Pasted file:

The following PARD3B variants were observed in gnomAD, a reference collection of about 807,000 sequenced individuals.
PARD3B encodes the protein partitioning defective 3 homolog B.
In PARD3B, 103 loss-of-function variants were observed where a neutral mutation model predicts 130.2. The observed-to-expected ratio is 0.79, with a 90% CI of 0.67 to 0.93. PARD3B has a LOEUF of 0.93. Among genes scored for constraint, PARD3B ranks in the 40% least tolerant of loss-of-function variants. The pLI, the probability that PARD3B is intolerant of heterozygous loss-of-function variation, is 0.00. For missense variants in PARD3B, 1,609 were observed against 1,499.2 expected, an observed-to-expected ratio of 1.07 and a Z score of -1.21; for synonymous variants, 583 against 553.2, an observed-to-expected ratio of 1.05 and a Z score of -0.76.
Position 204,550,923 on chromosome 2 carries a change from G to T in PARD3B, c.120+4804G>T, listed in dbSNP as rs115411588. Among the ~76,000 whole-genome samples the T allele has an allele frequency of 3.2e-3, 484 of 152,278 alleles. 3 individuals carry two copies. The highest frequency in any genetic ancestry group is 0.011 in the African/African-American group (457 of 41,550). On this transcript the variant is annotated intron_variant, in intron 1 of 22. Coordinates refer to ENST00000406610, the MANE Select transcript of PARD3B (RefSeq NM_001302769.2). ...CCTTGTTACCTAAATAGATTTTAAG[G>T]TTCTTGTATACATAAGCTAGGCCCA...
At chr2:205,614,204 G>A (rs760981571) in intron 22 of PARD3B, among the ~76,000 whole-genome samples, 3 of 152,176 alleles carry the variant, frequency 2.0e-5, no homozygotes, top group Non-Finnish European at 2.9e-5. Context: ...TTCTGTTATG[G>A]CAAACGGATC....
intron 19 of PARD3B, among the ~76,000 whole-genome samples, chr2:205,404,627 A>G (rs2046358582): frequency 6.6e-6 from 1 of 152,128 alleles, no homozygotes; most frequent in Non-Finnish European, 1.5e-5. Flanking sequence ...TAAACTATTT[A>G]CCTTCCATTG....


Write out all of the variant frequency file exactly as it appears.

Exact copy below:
The following PARD3B variants were observed in gnomAD, a reference collection of about 807,000 sequenced individuals.
PARD3B encodes the protein partitioning defective 3 homolog B.
In PARD3B, 103 loss-of-function variants were observed where a neutral mutation model predicts 130.2. The observed-to-expected ratio is 0.79, with a 90% CI of 0.67 to 0.93. PARD3B has a LOEUF of 0.93. Among genes scored for constraint, PARD3B ranks in the 40% least tolerant of loss-of-function variants. The pLI, the probability that PARD3B is intolerant of heterozygous loss-of-function variation, is 0.00. For missense variants in PARD3B, 1,609 were observed against 1,499.2 expected, an observed-to-expected ratio of 1.07 and a Z score of -1.21; for synonymous variants, 583 against 553.2, an observed-to-expected ratio of 1.05 and a Z score of -0.76.
Position 204,550,923 on chromosome 2 carries a change from G to T in PARD3B, c.120+4804G>T, listed in dbSNP as rs115411588. Among the ~76,000 whole-genome samples the T allele has an allele frequency of 3.2e-3, 484 of 152,278 alleles. 3 individuals carry two copies. The highest frequency in any genetic ancestry group is 0.011 in the African/African-American group (457 of 41,550). On this transcript the variant is annotated intron_variant, in intron 1 of 22. Coordinates refer to ENST00000406610, the MANE Select transcript of PARD3B (RefSeq NM_001302769.2). ...CCTTGTTACCTAAATAGATTTTAAG[G>T]TTCTTGTATACATAAGCTAGGCCCA...
At chr2:205,614,204 G>A (rs760981571) in intron 22 of PARD3B, among the ~76,000 whole-genome samples, 3 of 152,176 alleles carry the variant, frequency 2.0e-5, no homozygotes, top group Non-Finnish European at 2.9e-5. Context: ...TTCTGTTATG[G>A]CAAACGGATC....
intron 19 of PARD3B, among the ~76,000 whole-genome samples, chr2:205,404,627 A>G (rs2046358582): frequency 6.6e-6 from 1 of 152,128 alleles, no homozygotes; most frequent in Non-Finnish European, 1.5e-5. Flanking sequence ...TAAACTATTT[A>G]CCTTCCATTG....